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The blogged wandering of Robert W. Anderson

When iPhone + Silverlight?

Onstage during his keynote at MIX08 yesterday, Scott Guthrie said they’ll be bringing Silverlight to “everything with an SDK”.  Yesterday, I suggested this was a dig at the iPhone with its lack of an SDK. 

Of course, that was yesterday and today we expected an announcement from Apple on the new SDK.  I also surmised that the SDK wouldn’t be deep enough for Silverlight, but reports are that I was wrong.

So, my guess is that Scott was hinting at Silverlight for the iPhone.


So, Scott, when we’ll we see it?

And Ray Ozzie, please get the Office Team onto .NET, specifically the Office Mobile Team onto Silverlight.

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Ozzie @ MIX08

This is the first of three posts on the MIX08 keynotes.  This is like live blogging without the live, since I’m writing this in Oakland.image  You can follow my comments at

Ray Ozzie

Ray Ozzie opened the MIX08 conference keynotes talking about the overall Microsoft strategy.  He said all the right things about the transition to the cloud.   Talked about three principles (social device mesh, business, fabric of small pieces).  No surprises here. 

In the context of the world of connected systems, he said (paraphrased) . . .

Magic of software to bring them all together into . . .a mesh

I love the expression “the magic of software”.  Of course, we developers are not magicians, but when things are done right there is a real feeling of magic.  This is especially true when disparate systems begin working together through elegant and open standards.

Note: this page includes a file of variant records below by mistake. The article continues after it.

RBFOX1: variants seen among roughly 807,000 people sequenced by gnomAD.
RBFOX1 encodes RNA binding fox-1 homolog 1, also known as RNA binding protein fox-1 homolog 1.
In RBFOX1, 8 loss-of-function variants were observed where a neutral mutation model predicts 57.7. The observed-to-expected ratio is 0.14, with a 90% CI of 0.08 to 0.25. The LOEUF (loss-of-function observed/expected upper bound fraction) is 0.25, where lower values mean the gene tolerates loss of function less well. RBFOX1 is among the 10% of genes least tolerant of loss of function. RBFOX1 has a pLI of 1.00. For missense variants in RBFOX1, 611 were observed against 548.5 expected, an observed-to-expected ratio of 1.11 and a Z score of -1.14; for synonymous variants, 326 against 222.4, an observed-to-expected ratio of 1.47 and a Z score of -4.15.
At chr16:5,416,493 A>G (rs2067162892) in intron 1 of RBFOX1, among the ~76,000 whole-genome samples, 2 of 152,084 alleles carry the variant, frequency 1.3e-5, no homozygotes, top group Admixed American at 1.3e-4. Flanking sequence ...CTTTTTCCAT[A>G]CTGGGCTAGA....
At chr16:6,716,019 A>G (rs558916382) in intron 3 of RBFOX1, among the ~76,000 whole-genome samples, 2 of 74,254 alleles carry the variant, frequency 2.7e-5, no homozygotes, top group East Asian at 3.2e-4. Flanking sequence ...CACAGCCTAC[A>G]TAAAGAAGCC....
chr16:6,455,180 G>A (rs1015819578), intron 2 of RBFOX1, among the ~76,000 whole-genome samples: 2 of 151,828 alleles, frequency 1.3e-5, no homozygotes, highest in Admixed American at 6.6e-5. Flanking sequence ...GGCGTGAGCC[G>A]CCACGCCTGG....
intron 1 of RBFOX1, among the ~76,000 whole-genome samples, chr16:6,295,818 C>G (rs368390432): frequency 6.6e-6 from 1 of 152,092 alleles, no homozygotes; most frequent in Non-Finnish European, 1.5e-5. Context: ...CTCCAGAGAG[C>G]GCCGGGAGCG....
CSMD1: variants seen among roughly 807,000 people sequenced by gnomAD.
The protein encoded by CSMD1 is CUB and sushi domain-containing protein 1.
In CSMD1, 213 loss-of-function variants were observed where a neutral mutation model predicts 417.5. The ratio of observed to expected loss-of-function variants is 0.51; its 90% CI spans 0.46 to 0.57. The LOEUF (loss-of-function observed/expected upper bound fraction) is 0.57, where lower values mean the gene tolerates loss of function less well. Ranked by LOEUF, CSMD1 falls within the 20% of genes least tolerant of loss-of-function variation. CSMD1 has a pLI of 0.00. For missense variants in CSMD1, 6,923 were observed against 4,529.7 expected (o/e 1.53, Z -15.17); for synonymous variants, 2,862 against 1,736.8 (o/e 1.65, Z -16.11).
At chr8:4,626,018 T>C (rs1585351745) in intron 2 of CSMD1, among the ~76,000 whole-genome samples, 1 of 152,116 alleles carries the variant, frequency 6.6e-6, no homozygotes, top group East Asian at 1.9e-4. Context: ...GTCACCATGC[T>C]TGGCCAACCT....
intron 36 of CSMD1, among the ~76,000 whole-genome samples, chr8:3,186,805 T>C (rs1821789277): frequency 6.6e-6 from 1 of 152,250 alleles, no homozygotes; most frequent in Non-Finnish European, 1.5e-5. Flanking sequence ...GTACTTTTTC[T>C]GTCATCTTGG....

He spent most of his time talking about 5 scenarios . . . here are some thoughts.

1. Connected devices

His vision of bringing your different devices together reminds me of the Blackberry Enterprise Server, but for consumer devices.

2. Connected entertainment

License media / collections (playlists) / subscriptions  once, use any device for playback.  This is kind of a holy grail, I think.  If this is managed through a SilverLight runtime we may have a hope that it is across devices.

3. Connected productivity

Office PC, Office Mobile, Office Live — seamlessly allow users to work across devices, using the right tool at the right time.  No info on licensing costs, or on the details of Office Mobile.  If the Mobile story requires Windows Mobile, then this isn’t so compelling.

4. Connected Business

Exchange in cloud.  Other services too.  Good.  Very good. 

5. Connected Development

Of course, .NET + Silverlight, Expression, . . . Good stuff.

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SSE to FeedSync; Spec released

Many of us our still waiting to see the positive impact from Ray Ozzie in his role at Microsoft.  Word is that is still coming, but last year we did get something: Microsoft’s Simple Sharing Extensions (SSE).  I wrote about it back then.  Well, SSE has been renamed FeedSync and a spec has been released.  Also, the Microsoft Synchronization framework supports it.